Japan shouldn’t bind itself to ‘detonators of US military’

BEIJING – The US and Japan have once again released a “sounding balloon” on the deployment of medium-range ballistic missiles (MRBMs) to US forces in Japan. Japanese media recently quoted sources saying that Washington has proposed to deploy such missiles in Japan as part of a plan to strengthen “defense against China.” The report also noted that the deployment could include long-range hypersonic weapons and Tomahawk cruise missiles. It then claimed that Tokyo is poised to start serious discussions about accepting the deployment and considering the island of Kyushu, which is near the island of Taiwan, as a possible location. Obviously, this news is not just baseless rumors, but an attempt from Washington and Tokyo to explore the way ahead for such a significant military escalation.

Just over 10 days ago, the White House vowed no plans to deploy MRBMs in Japan. This is not because the US does not want to do so, but precisely because the resistance is so great that it has to be scrupulous. In recent years, Washington has been eager to build a missile network against China along the first island chain. But Washington has been struggling to find the “dupe” willing to accept its MRBMs, because such an action is equivalent to covering oneself with detonators, becoming a “body shield” for the US military. As a result, the US continues to test the reaction of other countries by giving out relevant information. For instance, there was a piece of news before claiming that the deployment might be in Japan, South Korea, Australia, or the Philippines. However, Seoul, Canberra, and Manila have flatly rejected it, leaving no room for such a possibility. Clearly, it is not difficult to weigh the possible gains and losses.

Tokyo has not made a public statement on this matter, but its posture of utterly complying with Washington has given the US an opportunity to increase pressure on Japan. Back in 2020, some US officials called Japan one of the potential sites for the deployment of MRBMs, and Japan was the only country publicly named by the US. It is easy to see that Washington simply does not care, despite the strong opposition from the Japanese society to this news. In other words, Tokyo basically has little say in front of the powerful US. What is even more unbelievable is that many Japanese right-wing politicians have become lobbyists for Washington, persuading their own people that the deployment of the missiles is “absolutely necessary” and even said they want to “actively request the US to do so.” Such a type of self-denigration is almost unprecedented in today’s world.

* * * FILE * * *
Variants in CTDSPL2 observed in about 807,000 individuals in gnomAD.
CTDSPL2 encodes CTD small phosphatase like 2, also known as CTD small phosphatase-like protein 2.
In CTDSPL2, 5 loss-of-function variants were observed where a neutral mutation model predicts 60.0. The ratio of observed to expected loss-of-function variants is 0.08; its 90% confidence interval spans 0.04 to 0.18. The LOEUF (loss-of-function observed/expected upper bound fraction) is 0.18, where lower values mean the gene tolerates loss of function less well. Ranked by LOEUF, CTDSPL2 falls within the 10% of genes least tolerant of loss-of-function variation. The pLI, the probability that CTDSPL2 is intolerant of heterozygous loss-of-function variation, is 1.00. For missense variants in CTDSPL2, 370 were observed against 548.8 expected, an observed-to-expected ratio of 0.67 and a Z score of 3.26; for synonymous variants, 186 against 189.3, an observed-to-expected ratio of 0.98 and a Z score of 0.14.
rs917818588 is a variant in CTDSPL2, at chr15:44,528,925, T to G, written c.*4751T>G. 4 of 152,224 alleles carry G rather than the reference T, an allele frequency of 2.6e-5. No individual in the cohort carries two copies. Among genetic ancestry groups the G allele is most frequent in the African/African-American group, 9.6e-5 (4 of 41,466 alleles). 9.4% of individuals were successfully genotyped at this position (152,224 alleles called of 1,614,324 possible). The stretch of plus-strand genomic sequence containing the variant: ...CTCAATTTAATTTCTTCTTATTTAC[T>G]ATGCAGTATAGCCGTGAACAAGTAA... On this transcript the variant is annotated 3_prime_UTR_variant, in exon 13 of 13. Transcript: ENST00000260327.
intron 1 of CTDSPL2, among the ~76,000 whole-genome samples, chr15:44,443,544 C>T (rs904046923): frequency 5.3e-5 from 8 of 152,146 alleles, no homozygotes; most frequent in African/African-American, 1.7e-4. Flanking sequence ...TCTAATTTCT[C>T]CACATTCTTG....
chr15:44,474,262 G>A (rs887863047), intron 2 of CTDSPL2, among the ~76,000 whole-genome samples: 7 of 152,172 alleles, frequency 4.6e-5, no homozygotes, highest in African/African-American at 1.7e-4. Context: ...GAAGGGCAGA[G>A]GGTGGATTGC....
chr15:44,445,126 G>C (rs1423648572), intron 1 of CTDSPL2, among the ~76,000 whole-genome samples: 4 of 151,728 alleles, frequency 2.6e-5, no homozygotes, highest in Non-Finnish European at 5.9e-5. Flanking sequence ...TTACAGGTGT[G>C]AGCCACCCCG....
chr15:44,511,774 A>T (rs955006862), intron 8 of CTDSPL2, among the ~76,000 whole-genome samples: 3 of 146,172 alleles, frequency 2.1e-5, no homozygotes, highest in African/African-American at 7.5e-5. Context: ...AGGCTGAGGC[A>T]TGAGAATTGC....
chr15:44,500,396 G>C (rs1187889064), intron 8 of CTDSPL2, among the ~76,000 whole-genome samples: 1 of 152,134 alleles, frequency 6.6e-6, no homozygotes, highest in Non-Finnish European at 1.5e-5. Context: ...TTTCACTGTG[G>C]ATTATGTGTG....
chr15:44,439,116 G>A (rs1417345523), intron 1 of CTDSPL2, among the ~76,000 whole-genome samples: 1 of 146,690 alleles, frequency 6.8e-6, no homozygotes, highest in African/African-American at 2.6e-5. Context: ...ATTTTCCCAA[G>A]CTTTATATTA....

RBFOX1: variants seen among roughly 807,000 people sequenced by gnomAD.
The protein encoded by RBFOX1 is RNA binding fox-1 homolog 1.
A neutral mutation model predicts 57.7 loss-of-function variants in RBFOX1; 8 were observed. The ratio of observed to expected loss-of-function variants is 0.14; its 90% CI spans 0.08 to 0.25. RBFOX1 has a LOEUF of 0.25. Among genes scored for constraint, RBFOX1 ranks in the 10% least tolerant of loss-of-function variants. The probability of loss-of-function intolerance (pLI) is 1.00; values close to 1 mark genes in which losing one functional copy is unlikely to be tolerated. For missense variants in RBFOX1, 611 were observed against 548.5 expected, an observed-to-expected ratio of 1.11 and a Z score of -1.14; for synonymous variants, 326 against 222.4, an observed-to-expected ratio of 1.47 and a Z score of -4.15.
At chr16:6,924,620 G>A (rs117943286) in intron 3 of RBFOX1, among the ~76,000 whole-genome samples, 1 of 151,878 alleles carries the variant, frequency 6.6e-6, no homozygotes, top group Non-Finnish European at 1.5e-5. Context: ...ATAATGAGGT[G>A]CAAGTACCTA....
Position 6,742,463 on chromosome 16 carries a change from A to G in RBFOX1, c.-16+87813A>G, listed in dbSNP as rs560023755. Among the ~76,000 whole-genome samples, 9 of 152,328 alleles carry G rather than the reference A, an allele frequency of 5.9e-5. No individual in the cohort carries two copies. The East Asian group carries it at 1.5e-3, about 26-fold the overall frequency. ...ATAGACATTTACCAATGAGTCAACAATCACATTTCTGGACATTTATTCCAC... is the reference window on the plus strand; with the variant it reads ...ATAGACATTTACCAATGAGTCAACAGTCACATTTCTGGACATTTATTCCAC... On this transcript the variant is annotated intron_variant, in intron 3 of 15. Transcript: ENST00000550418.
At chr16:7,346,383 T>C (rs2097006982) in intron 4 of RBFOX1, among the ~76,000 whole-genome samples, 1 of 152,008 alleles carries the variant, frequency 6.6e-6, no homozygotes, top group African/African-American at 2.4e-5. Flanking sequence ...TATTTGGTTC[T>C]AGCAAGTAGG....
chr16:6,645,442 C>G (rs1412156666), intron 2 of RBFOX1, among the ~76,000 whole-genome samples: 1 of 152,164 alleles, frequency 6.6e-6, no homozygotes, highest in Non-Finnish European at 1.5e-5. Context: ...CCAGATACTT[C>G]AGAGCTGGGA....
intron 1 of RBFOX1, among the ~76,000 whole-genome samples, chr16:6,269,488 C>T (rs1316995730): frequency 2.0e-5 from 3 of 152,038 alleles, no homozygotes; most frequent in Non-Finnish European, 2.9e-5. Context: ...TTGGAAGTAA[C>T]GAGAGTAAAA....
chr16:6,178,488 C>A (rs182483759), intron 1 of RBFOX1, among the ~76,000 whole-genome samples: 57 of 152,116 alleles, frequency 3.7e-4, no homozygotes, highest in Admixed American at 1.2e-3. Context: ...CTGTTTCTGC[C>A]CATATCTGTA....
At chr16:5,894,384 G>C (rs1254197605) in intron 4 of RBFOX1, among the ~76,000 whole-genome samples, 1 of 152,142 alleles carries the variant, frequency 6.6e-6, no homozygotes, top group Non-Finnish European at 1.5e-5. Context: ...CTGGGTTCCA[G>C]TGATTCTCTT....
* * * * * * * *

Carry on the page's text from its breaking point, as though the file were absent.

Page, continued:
If Tokyo insists on deploying the US military’s MRBMs on Japanese soil, it will undoubtedly burn its own country’s future into flames. This means that once an armed conflict occurs in relevant waters, these bases will be the first main targets. Due to Japan’s terrain and the characteristics of land-based intermediate missiles, they can be quickly located and have a high probability of being destroyed in the first round of strikes. Deploying medium-range missiles at several points cannot enhance Japan’s so-called “deterrence capability,” but will instead make it feel the intense pain of burning itself in the first place. As for the US, since it is Japan that is being beaten anyway, and the mainland of the US is hundreds of thousands of miles away, this is simply a lucrative business.

Now American and Japanese politicians are frequently talking about the Taiwan question, trying to hype up the “China threat” to trick the Japanese society into accepting this dirty political deal. But history has repeatedly proved that where the US medium-range missiles are deployed, the fuses of the detonators are placed.

During the Cold War, the US and the Soviet Union competed to intensively deploy medium-range missiles on the European continent, which aroused strong concerns and opposition from European countries. In particular, due to the short flight time of MRBMs, they are generally regarded as the trigger of a nuclear war. It was under the suffocating shadow of the nuclear war that the US and the Soviet Union finally signed the Intermediate-Range Nuclear Forces Treaty (INF Treaty). After the Trump administration announced its withdrawal from the INF Treaty in 2019, European countries reacted most strongly. It is no longer the era of bipolar hegemony, but some Japanese politicians want to repeat the same mistakes in East Asia. This is short-sighted and stupid.

In recent years, the US and Japan have released information on the deployment of medium-range missiles several times. The relevant news, true or false, has been circulating for several years. It’s hard not to be suspicious that it is the exhaustion tactics of the US and Japan in attempt to make the region gradually acquiesce to the “fact” of the deployment of MRBMs, so as to reduce the impact when they are really deployed one day.

But the attitude of countries in the region, including China, is very firm and clear, and there is no need for Washington and Tokyo to try to test it out. On this issue, no matter how many “sounding balloons” the US and Japan send out, it will not help. Japan should particularly be cautious and not tie the US military’s “detonators” to itself.


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